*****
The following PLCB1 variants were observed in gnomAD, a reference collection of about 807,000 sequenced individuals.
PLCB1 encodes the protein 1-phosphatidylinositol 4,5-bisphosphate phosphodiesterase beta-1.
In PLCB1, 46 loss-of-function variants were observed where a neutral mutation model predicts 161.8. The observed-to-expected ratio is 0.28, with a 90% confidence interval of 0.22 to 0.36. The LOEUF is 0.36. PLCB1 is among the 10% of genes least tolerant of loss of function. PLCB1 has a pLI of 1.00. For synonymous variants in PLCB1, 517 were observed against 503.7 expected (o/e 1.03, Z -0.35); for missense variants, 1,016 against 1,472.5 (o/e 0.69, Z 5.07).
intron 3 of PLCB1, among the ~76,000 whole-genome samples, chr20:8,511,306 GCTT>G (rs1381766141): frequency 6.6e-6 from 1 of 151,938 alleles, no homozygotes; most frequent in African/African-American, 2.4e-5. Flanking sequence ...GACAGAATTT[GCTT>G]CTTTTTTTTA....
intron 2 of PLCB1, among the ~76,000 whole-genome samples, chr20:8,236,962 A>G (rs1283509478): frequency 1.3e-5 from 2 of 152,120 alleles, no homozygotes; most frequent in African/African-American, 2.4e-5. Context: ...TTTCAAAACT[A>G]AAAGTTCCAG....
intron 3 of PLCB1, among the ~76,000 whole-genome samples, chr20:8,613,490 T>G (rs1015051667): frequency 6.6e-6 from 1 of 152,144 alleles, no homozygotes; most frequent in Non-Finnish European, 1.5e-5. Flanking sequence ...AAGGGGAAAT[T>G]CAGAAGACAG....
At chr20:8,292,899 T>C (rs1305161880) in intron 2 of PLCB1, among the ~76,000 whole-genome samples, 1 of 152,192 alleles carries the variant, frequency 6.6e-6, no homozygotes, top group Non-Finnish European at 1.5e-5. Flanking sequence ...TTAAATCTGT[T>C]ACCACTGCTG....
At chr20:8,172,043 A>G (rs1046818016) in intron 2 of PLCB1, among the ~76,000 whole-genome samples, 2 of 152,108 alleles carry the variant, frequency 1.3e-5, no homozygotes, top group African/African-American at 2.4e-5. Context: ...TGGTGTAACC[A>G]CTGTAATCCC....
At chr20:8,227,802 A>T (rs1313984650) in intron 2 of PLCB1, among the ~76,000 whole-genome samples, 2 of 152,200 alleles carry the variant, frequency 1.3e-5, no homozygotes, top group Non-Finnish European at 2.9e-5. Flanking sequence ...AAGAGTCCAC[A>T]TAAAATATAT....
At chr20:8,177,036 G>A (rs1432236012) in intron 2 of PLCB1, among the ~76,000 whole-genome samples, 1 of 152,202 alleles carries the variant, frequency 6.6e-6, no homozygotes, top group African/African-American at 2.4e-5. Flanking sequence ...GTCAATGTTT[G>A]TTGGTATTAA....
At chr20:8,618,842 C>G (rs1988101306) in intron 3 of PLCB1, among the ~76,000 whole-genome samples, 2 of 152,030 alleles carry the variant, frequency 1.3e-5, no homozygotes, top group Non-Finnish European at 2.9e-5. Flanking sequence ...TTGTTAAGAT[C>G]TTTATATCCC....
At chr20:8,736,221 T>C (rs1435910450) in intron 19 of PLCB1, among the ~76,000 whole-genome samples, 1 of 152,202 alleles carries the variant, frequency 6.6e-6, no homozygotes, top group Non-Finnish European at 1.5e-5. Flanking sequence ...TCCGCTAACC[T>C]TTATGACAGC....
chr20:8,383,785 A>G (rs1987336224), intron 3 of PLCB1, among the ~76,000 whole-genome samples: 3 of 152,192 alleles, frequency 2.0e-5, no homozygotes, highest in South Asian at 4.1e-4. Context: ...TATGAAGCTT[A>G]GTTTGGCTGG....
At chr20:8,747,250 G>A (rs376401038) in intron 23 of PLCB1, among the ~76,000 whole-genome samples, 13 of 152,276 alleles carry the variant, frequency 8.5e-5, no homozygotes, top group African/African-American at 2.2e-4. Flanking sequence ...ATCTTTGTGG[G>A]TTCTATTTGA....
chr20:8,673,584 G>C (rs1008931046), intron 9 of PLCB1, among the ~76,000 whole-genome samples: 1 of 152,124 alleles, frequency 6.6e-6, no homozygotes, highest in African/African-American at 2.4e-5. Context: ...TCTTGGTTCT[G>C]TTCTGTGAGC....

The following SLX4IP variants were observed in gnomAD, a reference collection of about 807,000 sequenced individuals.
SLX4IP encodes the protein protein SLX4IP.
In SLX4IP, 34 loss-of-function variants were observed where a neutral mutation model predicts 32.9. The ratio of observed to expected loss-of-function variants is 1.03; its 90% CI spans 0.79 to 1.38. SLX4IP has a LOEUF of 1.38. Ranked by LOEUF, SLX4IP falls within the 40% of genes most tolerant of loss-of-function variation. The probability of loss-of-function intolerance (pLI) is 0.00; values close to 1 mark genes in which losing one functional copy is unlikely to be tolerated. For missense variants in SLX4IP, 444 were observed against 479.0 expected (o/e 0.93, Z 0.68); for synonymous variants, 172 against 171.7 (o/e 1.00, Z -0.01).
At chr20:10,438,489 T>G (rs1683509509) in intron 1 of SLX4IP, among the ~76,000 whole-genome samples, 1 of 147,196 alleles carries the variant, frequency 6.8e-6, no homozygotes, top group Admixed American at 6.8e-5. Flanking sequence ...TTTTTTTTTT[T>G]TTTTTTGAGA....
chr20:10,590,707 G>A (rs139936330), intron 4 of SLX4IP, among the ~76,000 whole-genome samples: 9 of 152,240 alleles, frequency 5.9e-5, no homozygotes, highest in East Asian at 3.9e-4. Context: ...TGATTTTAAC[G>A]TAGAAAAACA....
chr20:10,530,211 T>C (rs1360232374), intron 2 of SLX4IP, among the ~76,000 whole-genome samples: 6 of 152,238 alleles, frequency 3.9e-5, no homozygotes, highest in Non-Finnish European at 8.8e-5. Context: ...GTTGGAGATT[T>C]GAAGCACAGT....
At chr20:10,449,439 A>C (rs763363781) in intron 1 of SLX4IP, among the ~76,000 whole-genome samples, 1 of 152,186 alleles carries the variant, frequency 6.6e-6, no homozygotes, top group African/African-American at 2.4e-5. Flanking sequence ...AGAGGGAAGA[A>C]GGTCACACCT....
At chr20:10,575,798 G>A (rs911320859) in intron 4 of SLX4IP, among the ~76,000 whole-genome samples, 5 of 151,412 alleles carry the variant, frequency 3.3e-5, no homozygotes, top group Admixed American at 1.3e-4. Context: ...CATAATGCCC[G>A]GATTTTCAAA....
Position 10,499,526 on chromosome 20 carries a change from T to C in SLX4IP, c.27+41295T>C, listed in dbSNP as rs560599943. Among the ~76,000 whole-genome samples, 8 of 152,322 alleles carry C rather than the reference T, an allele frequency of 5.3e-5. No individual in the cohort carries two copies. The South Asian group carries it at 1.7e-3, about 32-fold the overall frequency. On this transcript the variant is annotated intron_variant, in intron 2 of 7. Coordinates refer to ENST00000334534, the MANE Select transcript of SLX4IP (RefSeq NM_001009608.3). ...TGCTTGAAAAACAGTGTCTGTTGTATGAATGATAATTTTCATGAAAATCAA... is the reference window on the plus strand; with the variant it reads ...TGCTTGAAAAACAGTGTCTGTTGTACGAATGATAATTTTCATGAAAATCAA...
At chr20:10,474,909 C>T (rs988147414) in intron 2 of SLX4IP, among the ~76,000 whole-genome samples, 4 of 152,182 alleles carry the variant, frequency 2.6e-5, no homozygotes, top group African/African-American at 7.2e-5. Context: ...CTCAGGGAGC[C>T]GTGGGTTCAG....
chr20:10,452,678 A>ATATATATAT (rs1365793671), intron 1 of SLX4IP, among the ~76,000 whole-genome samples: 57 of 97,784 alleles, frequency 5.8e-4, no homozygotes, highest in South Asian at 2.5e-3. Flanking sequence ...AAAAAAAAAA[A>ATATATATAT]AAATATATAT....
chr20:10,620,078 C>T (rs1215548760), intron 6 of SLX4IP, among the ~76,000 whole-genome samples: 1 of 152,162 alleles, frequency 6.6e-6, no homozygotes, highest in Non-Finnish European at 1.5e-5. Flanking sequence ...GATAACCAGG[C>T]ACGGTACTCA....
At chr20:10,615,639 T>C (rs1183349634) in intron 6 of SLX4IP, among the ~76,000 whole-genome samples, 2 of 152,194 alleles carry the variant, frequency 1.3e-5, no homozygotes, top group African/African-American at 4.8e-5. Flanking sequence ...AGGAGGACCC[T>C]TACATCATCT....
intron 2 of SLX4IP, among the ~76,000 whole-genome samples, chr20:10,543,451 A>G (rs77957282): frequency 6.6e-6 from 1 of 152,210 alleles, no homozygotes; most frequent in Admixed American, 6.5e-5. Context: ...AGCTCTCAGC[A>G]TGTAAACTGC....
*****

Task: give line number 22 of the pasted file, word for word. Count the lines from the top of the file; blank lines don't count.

At chr20:10,449,439 A>C (rs763363781) in intron 1 of SLX4IP, among the ~76,000 whole-genome samples, 1 of 152,186 alleles carries the variant, frequency 6.6e-6, no homozygotes, top group African/African-American at 2.4e-5. Flanking sequence ...AGAGGGAAGA[A>C]GGTCACACCT....